• Problems with placenta (with risks to both mom and baby)
  • Increases your child's risk for:
    • Being born too small
    • Infections and other health problems
    • Behaviour and mental health problems (such as ADHD, autism, depression, learning problems)

Smoking while breastfeeding 

  • Smoking while breastfeeding can expose you and your little one to harmful chemicals and can lead to lower quantity of breast milk.
  • If you continue to smoke, don't stop breastfeeding. There are still many more benefits from breastfeeding. Just make sure you smoke outside and away from the baby.

Nicotine Replacement


  • You and your baby avoid up to 7,000 chemicals found in cigarette smoke
  • Helps you with cravings and withdrawal symptoms
  • Doubles your chances of quitting smoking
  • Exposes you and your baby to less nicotine than cigarettes


There are no known risks to using NRT compared to smoking.

There are resources to help you if you need it:

  • For information and support to pregnant and postpartum women, visit the Pregnets website
  • For free confidential information and advice on a number of topics- Ottawa Public Health Information Line: 613-580-6744 or by email
  • Telehealth Ontario Smoking Cessation Coaching call Toll-free 1-866-797-0000

Cannabis use while breastfeeding/chestfeeding

How can cannabis affect babies fed human milk?

Cannabis is a plant that has hundreds of chemicals. Some of these chemicals are called cannabinoids, like THC (tetrahydrocannabinol). THC is psychoactive, meaning it affects you brain and the way you think, act and feel. No matter how cannabis is used, THC is absorbed and stored in body fat and human milk. This means it can be passed to your baby through human milk. There is no known safe amount of cannabis in human milk. Although not much research has been done on the topic, it has been shown that babies who have been exposed to THC through human milk may have reduced muscular tone, increased drowsiness, poor sucking and slow weight gain.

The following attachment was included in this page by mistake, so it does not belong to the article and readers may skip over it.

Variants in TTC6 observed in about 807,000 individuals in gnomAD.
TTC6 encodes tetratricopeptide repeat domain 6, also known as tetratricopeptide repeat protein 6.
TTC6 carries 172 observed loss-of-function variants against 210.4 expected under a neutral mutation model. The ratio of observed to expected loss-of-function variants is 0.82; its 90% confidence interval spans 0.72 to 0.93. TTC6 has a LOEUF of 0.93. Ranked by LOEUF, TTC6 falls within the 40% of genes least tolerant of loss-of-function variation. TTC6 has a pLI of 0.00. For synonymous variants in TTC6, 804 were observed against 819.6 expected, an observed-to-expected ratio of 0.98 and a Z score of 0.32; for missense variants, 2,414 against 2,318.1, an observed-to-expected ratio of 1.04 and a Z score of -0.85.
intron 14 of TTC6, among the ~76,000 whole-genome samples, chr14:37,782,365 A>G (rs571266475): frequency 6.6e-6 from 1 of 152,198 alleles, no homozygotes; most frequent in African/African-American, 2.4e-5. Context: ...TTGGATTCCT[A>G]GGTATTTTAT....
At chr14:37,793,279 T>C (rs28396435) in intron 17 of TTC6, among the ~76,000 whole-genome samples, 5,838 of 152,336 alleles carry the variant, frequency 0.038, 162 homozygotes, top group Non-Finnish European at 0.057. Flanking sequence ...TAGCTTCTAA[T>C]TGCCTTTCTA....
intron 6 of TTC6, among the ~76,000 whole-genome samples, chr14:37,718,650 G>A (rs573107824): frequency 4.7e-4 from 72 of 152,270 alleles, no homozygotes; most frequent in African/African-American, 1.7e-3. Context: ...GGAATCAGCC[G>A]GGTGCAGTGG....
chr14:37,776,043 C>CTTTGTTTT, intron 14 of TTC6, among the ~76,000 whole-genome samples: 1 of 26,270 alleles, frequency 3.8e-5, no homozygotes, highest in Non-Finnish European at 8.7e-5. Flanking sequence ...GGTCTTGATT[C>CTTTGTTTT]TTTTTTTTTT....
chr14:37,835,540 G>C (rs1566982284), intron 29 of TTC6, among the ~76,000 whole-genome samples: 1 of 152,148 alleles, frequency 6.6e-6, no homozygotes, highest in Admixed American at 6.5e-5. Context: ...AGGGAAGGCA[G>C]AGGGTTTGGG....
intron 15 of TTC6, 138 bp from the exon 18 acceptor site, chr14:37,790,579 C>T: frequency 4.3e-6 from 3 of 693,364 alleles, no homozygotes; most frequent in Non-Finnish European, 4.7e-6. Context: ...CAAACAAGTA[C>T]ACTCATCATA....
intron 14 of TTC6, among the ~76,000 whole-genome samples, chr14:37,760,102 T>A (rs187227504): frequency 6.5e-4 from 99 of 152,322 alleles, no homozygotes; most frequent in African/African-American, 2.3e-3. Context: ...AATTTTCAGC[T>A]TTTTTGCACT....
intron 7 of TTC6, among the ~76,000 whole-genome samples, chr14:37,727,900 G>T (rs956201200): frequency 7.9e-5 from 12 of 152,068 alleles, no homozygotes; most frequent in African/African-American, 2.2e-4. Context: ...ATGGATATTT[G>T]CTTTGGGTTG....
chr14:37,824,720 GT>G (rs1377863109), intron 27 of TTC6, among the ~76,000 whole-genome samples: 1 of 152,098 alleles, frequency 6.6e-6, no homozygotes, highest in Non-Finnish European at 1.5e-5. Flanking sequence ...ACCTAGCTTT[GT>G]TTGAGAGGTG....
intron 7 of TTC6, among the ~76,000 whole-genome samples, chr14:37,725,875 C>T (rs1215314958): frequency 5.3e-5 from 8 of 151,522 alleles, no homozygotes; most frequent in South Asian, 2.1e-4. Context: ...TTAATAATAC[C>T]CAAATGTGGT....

Breastfeeding/chestfeeding is important for the health of baby and parent. It is safest to stop using cannabis while breastfeeding/chestfeeding.

  • If you can’t or don’t want to stop using cannabis completely, try using less, and less often.
  • Use a cannabis product with a lower amount of THC.
  • Avoid second-hand cannabis smoke for both you and your baby. To protect you and your children make your home and car smoke free. If you smoke, do it outside and ask family members and visitors to do the same.
  • Consider using cannabis products you can eat, such as oils, capsules or edibles rather than smoking to protect your lungs. Start with the least amount of THC possible and be aware the effects are delayed.
  • Avoid combining cannabis with alcohol, tobacco, prescription and/or non-prescription medications.

If you consume cannabis and want help to reduce your consumption or would like help quitting, you can:

For more information:

Do you have more questions about parenting?

February 2020


Contact Us